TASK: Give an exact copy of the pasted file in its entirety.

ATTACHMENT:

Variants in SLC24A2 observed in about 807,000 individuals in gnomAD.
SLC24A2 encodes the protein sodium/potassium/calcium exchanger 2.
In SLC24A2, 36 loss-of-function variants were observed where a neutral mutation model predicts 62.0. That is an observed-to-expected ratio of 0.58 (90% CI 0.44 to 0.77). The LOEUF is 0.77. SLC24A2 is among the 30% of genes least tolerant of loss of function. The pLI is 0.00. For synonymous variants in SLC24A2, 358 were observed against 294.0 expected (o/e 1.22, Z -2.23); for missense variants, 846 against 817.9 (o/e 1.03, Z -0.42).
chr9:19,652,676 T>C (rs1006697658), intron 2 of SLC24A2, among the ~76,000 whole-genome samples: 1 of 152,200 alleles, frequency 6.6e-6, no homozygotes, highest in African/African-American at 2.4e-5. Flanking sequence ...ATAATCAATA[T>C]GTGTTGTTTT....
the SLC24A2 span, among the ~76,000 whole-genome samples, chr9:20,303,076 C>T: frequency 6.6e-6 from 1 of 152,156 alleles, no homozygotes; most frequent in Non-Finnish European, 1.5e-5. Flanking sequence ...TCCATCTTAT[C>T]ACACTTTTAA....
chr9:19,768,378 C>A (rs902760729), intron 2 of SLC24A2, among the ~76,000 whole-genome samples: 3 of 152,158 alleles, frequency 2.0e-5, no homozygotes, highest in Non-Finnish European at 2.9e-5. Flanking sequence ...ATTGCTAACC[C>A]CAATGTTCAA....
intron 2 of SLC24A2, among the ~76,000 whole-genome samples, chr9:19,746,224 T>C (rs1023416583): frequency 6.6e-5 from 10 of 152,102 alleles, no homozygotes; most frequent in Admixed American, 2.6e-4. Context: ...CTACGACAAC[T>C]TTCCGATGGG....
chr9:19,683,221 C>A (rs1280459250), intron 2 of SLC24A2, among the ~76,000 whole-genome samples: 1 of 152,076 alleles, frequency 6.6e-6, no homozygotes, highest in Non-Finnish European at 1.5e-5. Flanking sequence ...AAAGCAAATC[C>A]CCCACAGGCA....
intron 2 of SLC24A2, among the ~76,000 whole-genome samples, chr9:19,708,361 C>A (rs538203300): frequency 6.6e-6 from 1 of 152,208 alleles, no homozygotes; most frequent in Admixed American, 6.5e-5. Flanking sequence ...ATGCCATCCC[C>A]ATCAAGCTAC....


Variants in SLC24A2 observed in about 807,000 individuals in gnomAD.
SLC24A2 encodes the protein sodium/potassium/calcium exchanger 2.
In SLC24A2, 36 loss-of-function variants were observed where a neutral mutation model predicts 62.0. That is an observed-to-expected ratio of 0.58 (90% CI 0.44 to 0.77). The LOEUF is 0.77. SLC24A2 is among the 30% of genes least tolerant of loss of function. The pLI is 0.00. For synonymous variants in SLC24A2, 358 were observed against 294.0 expected (o/e 1.22, Z -2.23); for missense variants, 846 against 817.9 (o/e 1.03, Z -0.42).
chr9:19,652,676 T>C (rs1006697658), intron 2 of SLC24A2, among the ~76,000 whole-genome samples: 1 of 152,200 alleles, frequency 6.6e-6, no homozygotes, highest in African/African-American at 2.4e-5. Flanking sequence ...ATAATCAATA[T>C]GTGTTGTTTT....
the SLC24A2 span, among the ~76,000 whole-genome samples, chr9:20,303,076 C>T: frequency 6.6e-6 from 1 of 152,156 alleles, no homozygotes; most frequent in Non-Finnish European, 1.5e-5. Flanking sequence ...TCCATCTTAT[C>T]ACACTTTTAA....
chr9:19,768,378 C>A (rs902760729), intron 2 of SLC24A2, among the ~76,000 whole-genome samples: 3 of 152,158 alleles, frequency 2.0e-5, no homozygotes, highest in Non-Finnish European at 2.9e-5. Flanking sequence ...ATTGCTAACC[C>A]CAATGTTCAA....
intron 2 of SLC24A2, among the ~76,000 whole-genome samples, chr9:19,746,224 T>C (rs1023416583): frequency 6.6e-5 from 10 of 152,102 alleles, no homozygotes; most frequent in Admixed American, 2.6e-4. Context: ...CTACGACAAC[T>C]TTCCGATGGG....
chr9:19,683,221 C>A (rs1280459250), intron 2 of SLC24A2, among the ~76,000 whole-genome samples: 1 of 152,076 alleles, frequency 6.6e-6, no homozygotes, highest in Non-Finnish European at 1.5e-5. Flanking sequence ...AAAGCAAATC[C>A]CCCACAGGCA....
intron 2 of SLC24A2, among the ~76,000 whole-genome samples, chr9:19,708,361 C>A (rs538203300): frequency 6.6e-6 from 1 of 152,208 alleles, no homozygotes; most frequent in Admixed American, 6.5e-5. Flanking sequence ...ATGCCATCCC[C>A]ATCAAGCTAC....